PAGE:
Greeks protest over public transport sector reform bill ahead of parliament vote

08:38, February 16, 2011      

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Greek parliament is expected to ratify by early Wednesday a wide public transport sector reform draft bill amidst a continuous wave of protests and strikes by labor unions.


Greek demonstrators hold a protest in front of the parliament building in Athens, Greece, on Feb. 15, 2011. Employees of the public transport services held a 24-hour strike over a draft bill on the restructure of the sector due to be ratified by the parliament. (Xinhua/Marios Lolos)

Public transport came to a halt in Athens on Tuesday once again due to a 24-hour strike over the controversial new law which envisages a partial privatization of the debt-ridden Greek Railways, the restructure of the sector and transfers of employees to other public companies to save costs.

The Greek government promoted the reform as essential in the context of a series of austerity and development measures to face the debt crisis which led Greece to the brink of bankruptcy last year.


Greek demonstrators hold a protest in front of the parliament building in Athens, Greece, on Feb. 15, 2011. Employees of the public transport services held a 24-hour strike over a draft bill on the restructure of the sector due to be ratified by the parliament. (Xinhua/Marios Lolos)

On the other hand, labor unions of mass transport employees who have staged a long string of strikes and protests since last autumn, argue that the bill will eventually lead to poor services for Greek citizens and worse working conditions for employees. They warn that they will continue mobilizations despite the approval of the draft bill.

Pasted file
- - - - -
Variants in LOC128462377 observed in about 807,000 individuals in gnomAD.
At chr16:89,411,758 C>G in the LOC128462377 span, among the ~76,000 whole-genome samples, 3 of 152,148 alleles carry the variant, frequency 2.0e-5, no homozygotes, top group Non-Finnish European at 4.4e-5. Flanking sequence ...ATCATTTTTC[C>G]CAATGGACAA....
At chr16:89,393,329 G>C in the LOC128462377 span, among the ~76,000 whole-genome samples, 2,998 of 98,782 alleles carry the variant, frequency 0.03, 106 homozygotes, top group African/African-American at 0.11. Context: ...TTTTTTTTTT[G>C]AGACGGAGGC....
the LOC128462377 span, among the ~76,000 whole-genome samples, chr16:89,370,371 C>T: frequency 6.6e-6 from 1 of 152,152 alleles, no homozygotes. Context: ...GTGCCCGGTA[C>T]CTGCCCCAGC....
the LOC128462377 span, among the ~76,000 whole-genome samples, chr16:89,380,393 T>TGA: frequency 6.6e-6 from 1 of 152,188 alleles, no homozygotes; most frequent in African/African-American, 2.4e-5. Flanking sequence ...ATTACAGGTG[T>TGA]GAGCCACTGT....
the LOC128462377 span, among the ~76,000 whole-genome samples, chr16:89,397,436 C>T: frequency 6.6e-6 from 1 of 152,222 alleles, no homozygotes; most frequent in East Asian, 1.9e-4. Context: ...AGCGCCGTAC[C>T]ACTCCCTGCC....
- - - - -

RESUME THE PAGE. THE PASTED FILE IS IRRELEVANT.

Hundreds of strikers marched in front of the Greek parliament building on Tuesday afternoon on foot and on motorbikes, chanting slogans such as "thieves get out" and "Greece is not for sale".

It was a reference to the recent suggestion of the European Union and the International Monetary Fund auditors who monitor Greek efforts to overcome the crisis, that the Greek government should speed up a privatization program of state enterprises and real estate properties to slash the Greek debt.


Greek demonstrators hold a protest in front of the parliament building in Athens, Greece, on Feb. 15, 2011. Employees of the public transport services held a 24-hour strike over a draft bill on the restructure of the sector due to be ratified by the parliament. (Xinhua/Marios Lolos)

The idea and the "tone" of foreign inspectors have caused strong reactions in Athens.

"Greek land is not for sale. We examine the better exploitation of state assets for development and debt repayment, but the terms 'exploitation' and 'sale" should not be confused," said on Tuesday Greek Prime Minister George Papandreou.

He stressed that his government will seek legislative regulation which will block the sale of public land.

Source: Xinhua

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